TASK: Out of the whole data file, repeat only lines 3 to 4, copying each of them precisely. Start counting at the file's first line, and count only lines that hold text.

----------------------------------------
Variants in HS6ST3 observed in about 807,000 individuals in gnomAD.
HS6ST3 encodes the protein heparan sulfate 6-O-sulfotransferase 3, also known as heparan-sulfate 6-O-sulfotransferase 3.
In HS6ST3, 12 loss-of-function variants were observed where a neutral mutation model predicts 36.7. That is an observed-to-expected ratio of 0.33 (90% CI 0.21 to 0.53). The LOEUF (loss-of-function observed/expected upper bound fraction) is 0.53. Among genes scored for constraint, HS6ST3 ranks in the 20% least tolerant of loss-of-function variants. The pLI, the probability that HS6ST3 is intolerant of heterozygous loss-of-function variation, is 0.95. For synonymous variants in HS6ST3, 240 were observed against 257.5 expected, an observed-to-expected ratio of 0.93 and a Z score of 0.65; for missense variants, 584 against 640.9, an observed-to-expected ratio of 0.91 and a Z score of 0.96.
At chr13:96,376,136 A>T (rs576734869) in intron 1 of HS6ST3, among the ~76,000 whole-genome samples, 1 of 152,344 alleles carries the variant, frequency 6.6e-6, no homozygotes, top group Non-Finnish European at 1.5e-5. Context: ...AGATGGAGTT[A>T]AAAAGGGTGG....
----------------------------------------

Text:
In HS6ST3, 12 loss-of-function variants were observed where a neutral mutation model predicts 36.7. That is an observed-to-expected ratio of 0.33 (90% CI 0.21 to 0.53). The LOEUF (loss-of-function observed/expected upper bound fraction) is 0.53. Among genes scored for constraint, HS6ST3 ranks in the 20% least tolerant of loss-of-function variants. The pLI, the probability that HS6ST3 is intolerant of heterozygous loss-of-function variation, is 0.95. For synonymous variants in HS6ST3, 240 were observed against 257.5 expected, an observed-to-expected ratio of 0.93 and a Z score of 0.65; for missense variants, 584 against 640.9, an observed-to-expected ratio of 0.91 and a Z score of 0.96.
At chr13:96,376,136 A>T (rs576734869) in intron 1 of HS6ST3, among the ~76,000 whole-genome samples, 1 of 152,344 alleles carries the variant, frequency 6.6e-6, no homozygotes, top group Non-Finnish European at 1.5e-5. Context: ...AGATGGAGTT[A>T]AAAAGGGTGG....